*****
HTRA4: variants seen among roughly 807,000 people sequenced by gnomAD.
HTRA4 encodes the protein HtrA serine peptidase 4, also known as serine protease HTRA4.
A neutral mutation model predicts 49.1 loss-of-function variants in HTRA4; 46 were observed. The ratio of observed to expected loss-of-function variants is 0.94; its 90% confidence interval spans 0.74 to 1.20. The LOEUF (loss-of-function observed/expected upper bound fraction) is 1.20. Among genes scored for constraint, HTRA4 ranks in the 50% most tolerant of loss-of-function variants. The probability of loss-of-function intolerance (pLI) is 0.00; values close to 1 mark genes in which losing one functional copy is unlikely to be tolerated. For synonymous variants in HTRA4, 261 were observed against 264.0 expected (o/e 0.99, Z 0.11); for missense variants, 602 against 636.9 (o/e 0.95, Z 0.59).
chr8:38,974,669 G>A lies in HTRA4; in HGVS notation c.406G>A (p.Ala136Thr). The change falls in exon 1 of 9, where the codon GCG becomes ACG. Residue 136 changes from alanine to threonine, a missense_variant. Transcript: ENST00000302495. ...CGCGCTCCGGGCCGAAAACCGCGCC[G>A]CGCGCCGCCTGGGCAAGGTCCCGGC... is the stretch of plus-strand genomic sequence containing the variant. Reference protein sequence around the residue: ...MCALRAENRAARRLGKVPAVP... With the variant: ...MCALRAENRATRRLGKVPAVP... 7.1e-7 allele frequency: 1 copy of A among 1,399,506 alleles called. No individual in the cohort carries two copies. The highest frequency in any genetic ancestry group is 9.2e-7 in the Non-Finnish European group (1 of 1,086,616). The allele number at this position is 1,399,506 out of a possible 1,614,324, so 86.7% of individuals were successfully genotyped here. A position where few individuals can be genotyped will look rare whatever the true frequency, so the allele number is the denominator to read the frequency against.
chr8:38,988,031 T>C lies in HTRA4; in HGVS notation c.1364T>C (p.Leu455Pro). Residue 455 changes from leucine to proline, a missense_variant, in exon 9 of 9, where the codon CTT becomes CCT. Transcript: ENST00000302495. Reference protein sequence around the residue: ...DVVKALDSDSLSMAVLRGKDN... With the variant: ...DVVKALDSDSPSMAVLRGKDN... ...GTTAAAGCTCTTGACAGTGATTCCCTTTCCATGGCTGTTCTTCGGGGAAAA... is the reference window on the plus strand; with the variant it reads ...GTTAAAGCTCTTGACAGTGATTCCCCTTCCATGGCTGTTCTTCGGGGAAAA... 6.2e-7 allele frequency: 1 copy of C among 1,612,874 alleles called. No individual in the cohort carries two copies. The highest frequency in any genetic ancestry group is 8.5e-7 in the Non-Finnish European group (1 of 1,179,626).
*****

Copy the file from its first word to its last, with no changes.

HTRA4: variants seen among roughly 807,000 people sequenced by gnomAD.
HTRA4 encodes the protein HtrA serine peptidase 4, also known as serine protease HTRA4.
A neutral mutation model predicts 49.1 loss-of-function variants in HTRA4; 46 were observed. The ratio of observed to expected loss-of-function variants is 0.94; its 90% confidence interval spans 0.74 to 1.20. The LOEUF (loss-of-function observed/expected upper bound fraction) is 1.20. Among genes scored for constraint, HTRA4 ranks in the 50% most tolerant of loss-of-function variants. The probability of loss-of-function intolerance (pLI) is 0.00; values close to 1 mark genes in which losing one functional copy is unlikely to be tolerated. For synonymous variants in HTRA4, 261 were observed against 264.0 expected (o/e 0.99, Z 0.11); for missense variants, 602 against 636.9 (o/e 0.95, Z 0.59).
chr8:38,974,669 G>A lies in HTRA4; in HGVS notation c.406G>A (p.Ala136Thr). The change falls in exon 1 of 9, where the codon GCG becomes ACG. Residue 136 changes from alanine to threonine, a missense_variant. Transcript: ENST00000302495. ...CGCGCTCCGGGCCGAAAACCGCGCC[G>A]CGCGCCGCCTGGGCAAGGTCCCGGC... is the stretch of plus-strand genomic sequence containing the variant. Reference protein sequence around the residue: ...MCALRAENRAARRLGKVPAVP... With the variant: ...MCALRAENRATRRLGKVPAVP... 7.1e-7 allele frequency: 1 copy of A among 1,399,506 alleles called. No individual in the cohort carries two copies. The highest frequency in any genetic ancestry group is 9.2e-7 in the Non-Finnish European group (1 of 1,086,616). The allele number at this position is 1,399,506 out of a possible 1,614,324, so 86.7% of individuals were successfully genotyped here. A position where few individuals can be genotyped will look rare whatever the true frequency, so the allele number is the denominator to read the frequency against.
chr8:38,988,031 T>C lies in HTRA4; in HGVS notation c.1364T>C (p.Leu455Pro). Residue 455 changes from leucine to proline, a missense_variant, in exon 9 of 9, where the codon CTT becomes CCT. Transcript: ENST00000302495. Reference protein sequence around the residue: ...DVVKALDSDSLSMAVLRGKDN... With the variant: ...DVVKALDSDSPSMAVLRGKDN... ...GTTAAAGCTCTTGACAGTGATTCCCTTTCCATGGCTGTTCTTCGGGGAAAA... is the reference window on the plus strand; with the variant it reads ...GTTAAAGCTCTTGACAGTGATTCCCCTTCCATGGCTGTTCTTCGGGGAAAA... 6.2e-7 allele frequency: 1 copy of C among 1,612,874 alleles called. No individual in the cohort carries two copies. The highest frequency in any genetic ancestry group is 8.5e-7 in the Non-Finnish European group (1 of 1,179,626).